So reported the Japan Times, which is giving me a “page load” error, and so no immediate link to the story. It should be here. John Roos has his picture on the top, helping the local villagers in the Tohoku region. It may be part of Operation Tomodachi, which is the U.S. military’s relief effort there.
I want to make a few comments about the background people quoted in the story, several of whom seem to be entrenched, Washington, so-called Japan Hands, who have simply updated Cold War rhetoric about China to fit the 21st century. (Old wine in new bottles.)
It’s 5am in Japan, so maybe Japan Times is just updating its server.
Great! It’s back. Here is the meat I want to go at:
With Japan the second-largest holder of U.S. Treasury bonds, after China, there is also worry on the U.S. side that Japan may be forced to dump some of those bonds to pay for a reconstruction effort that will be in the tens of trillions of yen.
This is silly. Japan owns some $700 billion or so of U.S. treasury bonds. QE2, which the U.S. Federal Reserve Bank is currently undertaking, is buying $600 billion of bonds. The Fed also holds over $1 trillion of mortgage bonds, which, it sounds like, it’s going to amortize.
Even if Japan were to start heavy Treasury selling, there is enough slack in the market to buy up these bonds. We do not need the Japanese to hold these bonds. They hold them because they are a good investment for Japan, and they help to finance Japanese exports to America.
“I’m a little bit worried about these divergent assessments — the Japanese government on the one hand and the U.S. government on the other — about the severity of the crisis,” said Richard Bush, director of the Brookings Institution’s Center for Northeast Asian Policy Studies at a symposium in Washington. “That may lead to a certain amount of resentment in Japan, that the U.S. lacks confidence in their institutional capacity.”
Another red herring. Are the ministries of Japan really concerned about what Washington thinks of their “institutional capacity”? No, right? They just do whatever they want. Their only concern is if they hit certain trip wires that would either cause bad press in America, or lose the patronage of one of the Pacific Elite fat cats. “Oh, we must be so careful to maintain our good relations with Japan!” is a noble goal. But what is actually going on is more like, “one hand washes the other”.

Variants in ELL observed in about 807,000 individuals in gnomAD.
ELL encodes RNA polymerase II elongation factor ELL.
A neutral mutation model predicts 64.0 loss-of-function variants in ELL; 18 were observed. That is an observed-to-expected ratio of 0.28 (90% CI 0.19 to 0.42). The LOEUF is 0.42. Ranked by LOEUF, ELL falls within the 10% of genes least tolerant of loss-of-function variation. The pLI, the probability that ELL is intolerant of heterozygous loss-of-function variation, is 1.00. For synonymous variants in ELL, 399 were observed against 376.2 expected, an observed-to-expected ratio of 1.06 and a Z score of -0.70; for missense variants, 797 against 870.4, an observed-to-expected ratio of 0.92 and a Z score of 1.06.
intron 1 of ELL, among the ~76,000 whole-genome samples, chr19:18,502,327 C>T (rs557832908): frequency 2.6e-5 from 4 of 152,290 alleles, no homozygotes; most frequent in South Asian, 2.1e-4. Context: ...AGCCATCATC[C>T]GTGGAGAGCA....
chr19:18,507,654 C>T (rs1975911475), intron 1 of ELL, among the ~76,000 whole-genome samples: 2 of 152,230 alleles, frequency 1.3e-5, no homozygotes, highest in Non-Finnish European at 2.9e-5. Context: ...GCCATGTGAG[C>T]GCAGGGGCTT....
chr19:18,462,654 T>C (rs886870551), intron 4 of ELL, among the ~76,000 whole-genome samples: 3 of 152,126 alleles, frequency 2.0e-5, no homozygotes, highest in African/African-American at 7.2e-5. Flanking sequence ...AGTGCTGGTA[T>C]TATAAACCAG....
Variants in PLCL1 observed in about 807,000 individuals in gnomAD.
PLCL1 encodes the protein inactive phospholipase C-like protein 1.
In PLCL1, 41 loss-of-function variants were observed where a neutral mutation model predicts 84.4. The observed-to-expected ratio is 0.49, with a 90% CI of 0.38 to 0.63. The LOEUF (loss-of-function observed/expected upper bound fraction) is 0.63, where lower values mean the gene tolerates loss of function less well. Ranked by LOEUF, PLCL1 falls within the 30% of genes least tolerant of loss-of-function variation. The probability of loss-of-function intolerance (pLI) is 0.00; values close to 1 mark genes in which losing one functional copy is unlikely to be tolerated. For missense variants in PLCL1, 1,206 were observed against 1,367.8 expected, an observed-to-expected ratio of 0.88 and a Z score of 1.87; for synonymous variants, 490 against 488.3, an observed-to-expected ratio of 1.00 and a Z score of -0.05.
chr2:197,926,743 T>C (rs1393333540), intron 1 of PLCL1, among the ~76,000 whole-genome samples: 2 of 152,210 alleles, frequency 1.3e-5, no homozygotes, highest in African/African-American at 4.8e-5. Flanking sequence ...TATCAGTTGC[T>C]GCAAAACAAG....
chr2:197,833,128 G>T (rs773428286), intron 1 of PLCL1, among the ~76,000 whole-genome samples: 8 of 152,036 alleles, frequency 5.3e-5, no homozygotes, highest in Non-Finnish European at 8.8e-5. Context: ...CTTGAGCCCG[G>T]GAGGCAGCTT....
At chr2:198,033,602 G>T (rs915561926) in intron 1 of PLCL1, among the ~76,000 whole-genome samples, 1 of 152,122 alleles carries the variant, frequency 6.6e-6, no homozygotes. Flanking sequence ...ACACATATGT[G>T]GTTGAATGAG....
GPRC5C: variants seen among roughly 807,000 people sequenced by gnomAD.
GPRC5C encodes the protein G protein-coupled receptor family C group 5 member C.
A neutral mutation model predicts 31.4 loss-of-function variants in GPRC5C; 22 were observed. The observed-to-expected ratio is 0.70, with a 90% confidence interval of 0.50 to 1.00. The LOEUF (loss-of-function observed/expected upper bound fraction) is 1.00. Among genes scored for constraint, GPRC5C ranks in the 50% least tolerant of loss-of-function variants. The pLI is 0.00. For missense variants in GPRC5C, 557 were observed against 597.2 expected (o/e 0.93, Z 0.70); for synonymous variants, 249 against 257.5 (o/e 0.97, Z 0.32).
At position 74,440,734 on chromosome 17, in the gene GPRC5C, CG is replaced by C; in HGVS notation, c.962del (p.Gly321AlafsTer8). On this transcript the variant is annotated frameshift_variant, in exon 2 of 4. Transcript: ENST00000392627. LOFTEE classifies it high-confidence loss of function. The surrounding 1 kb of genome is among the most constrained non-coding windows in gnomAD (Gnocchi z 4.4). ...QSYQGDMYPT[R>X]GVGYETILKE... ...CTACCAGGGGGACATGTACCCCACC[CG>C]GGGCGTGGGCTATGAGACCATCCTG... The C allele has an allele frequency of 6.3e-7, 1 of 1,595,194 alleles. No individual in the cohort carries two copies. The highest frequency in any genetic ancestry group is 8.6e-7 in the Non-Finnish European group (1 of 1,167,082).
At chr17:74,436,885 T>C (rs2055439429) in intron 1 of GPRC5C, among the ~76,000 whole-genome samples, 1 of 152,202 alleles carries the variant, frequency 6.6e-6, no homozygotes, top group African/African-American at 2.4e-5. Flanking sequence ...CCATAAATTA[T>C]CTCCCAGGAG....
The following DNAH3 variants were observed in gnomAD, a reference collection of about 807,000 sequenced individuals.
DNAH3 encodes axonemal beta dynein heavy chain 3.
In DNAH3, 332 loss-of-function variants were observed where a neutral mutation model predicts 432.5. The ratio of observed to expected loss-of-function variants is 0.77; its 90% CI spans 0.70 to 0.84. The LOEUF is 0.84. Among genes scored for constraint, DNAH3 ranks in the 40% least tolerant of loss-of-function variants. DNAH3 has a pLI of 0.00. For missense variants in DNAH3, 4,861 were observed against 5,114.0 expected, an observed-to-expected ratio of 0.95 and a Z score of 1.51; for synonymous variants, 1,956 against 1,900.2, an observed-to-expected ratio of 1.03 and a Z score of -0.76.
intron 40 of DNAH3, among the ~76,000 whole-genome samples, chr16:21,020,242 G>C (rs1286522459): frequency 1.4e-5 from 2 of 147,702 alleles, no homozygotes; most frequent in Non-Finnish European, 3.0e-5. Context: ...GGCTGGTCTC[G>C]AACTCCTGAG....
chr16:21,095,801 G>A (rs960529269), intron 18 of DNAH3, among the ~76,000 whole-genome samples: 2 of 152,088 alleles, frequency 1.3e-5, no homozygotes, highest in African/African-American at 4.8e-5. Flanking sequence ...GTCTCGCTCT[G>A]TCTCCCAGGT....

I don’t think Kan Naoto is going into meetings in a huff, that the U.S. lacks confidence in the ability of the national government to get a handle on Japan’s many problems. I think he is too busy trying to solve the problems. Who might be upset is all the vested interests, for whom all of this change, both now and in the immediate future, is considerably upsetting.
There is also concern in Washington over how China may use the disaster. While Bush said he doubted Beijing would exploit the situation, he added it should be kept in mind that China was continuing to draw closer to Japan.
“China has a strategic interest in weaning Japan away from its reliance on the United States and encouraging Tokyo to be more accommodative to its interests,” he said.
Likewise, do you see any of this going on? Machinating China! Always out to undermine the United States when it comes to its relationship with Japan! Sounds like Cold War stuff right out of the Mao era.
No one holds these guys to the specifics. What exactly would China be doing to exploit the Great Eastern Japan Earthquake situation? How exactly would the victims of the Second Sino-Japanese War like to build a greater partnership with the descendents of the people who came across the Sea of Japan and brutalized and murdered men, women and children, in village after village?
We Americans still remember the 911, which was 3,000 people. Does anyone think China forgot about the years 1937 to 1945?
I don’t like when American officials pretend that the American public is oblivious to Asia Pacific history. So when people start getting quoted on things that just sound silly, it’s like they are smoking revisionist weed or something.
But, you know, we live in this century. It’s great that our military is helping with Operation Tomodachi, and that Ambassador Roos is actually out there meeting real people, and not always ACCJers, people at Hotel Sanno (Tokyo American Club, etc.), military officials, potential college students, and few others.
This is really a good thing, although it’s clear that if it’s really meant to convince Okinawans to accept U.S. military base plans, it’s not being taken for that. Nor should it.